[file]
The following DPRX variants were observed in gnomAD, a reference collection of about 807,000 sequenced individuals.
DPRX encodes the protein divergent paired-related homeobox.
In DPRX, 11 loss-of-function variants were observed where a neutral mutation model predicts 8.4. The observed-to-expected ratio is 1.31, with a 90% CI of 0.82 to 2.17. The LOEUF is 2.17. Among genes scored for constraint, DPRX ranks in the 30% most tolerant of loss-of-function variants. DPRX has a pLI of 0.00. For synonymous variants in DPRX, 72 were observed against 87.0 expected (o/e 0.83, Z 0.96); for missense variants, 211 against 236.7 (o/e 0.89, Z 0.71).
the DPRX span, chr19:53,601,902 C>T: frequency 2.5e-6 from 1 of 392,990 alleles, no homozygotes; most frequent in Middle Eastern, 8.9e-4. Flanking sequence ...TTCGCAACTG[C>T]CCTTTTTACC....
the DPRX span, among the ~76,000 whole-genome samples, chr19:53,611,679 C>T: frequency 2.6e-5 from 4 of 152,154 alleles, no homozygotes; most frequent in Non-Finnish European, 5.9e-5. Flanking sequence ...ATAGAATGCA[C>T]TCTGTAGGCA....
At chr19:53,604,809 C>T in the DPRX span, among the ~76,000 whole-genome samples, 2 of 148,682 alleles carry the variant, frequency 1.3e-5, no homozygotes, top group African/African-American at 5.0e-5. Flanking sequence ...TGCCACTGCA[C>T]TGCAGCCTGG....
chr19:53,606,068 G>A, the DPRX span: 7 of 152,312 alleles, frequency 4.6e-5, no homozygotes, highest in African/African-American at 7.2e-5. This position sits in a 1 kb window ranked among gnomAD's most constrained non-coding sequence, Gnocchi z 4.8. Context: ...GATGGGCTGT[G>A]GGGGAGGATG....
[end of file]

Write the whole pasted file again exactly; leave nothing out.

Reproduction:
The following DPRX variants were observed in gnomAD, a reference collection of about 807,000 sequenced individuals.
DPRX encodes the protein divergent paired-related homeobox.
In DPRX, 11 loss-of-function variants were observed where a neutral mutation model predicts 8.4. The observed-to-expected ratio is 1.31, with a 90% CI of 0.82 to 2.17. The LOEUF is 2.17. Among genes scored for constraint, DPRX ranks in the 30% most tolerant of loss-of-function variants. DPRX has a pLI of 0.00. For synonymous variants in DPRX, 72 were observed against 87.0 expected (o/e 0.83, Z 0.96); for missense variants, 211 against 236.7 (o/e 0.89, Z 0.71).
the DPRX span, chr19:53,601,902 C>T: frequency 2.5e-6 from 1 of 392,990 alleles, no homozygotes; most frequent in Middle Eastern, 8.9e-4. Flanking sequence ...TTCGCAACTG[C>T]CCTTTTTACC....
the DPRX span, among the ~76,000 whole-genome samples, chr19:53,611,679 C>T: frequency 2.6e-5 from 4 of 152,154 alleles, no homozygotes; most frequent in Non-Finnish European, 5.9e-5. Flanking sequence ...ATAGAATGCA[C>T]TCTGTAGGCA....
At chr19:53,604,809 C>T in the DPRX span, among the ~76,000 whole-genome samples, 2 of 148,682 alleles carry the variant, frequency 1.3e-5, no homozygotes, top group African/African-American at 5.0e-5. Flanking sequence ...TGCCACTGCA[C>T]TGCAGCCTGG....
chr19:53,606,068 G>A, the DPRX span: 7 of 152,312 alleles, frequency 4.6e-5, no homozygotes, highest in African/African-American at 7.2e-5. This position sits in a 1 kb window ranked among gnomAD's most constrained non-coding sequence, Gnocchi z 4.8. Context: ...GATGGGCTGT[G>A]GGGGAGGATG....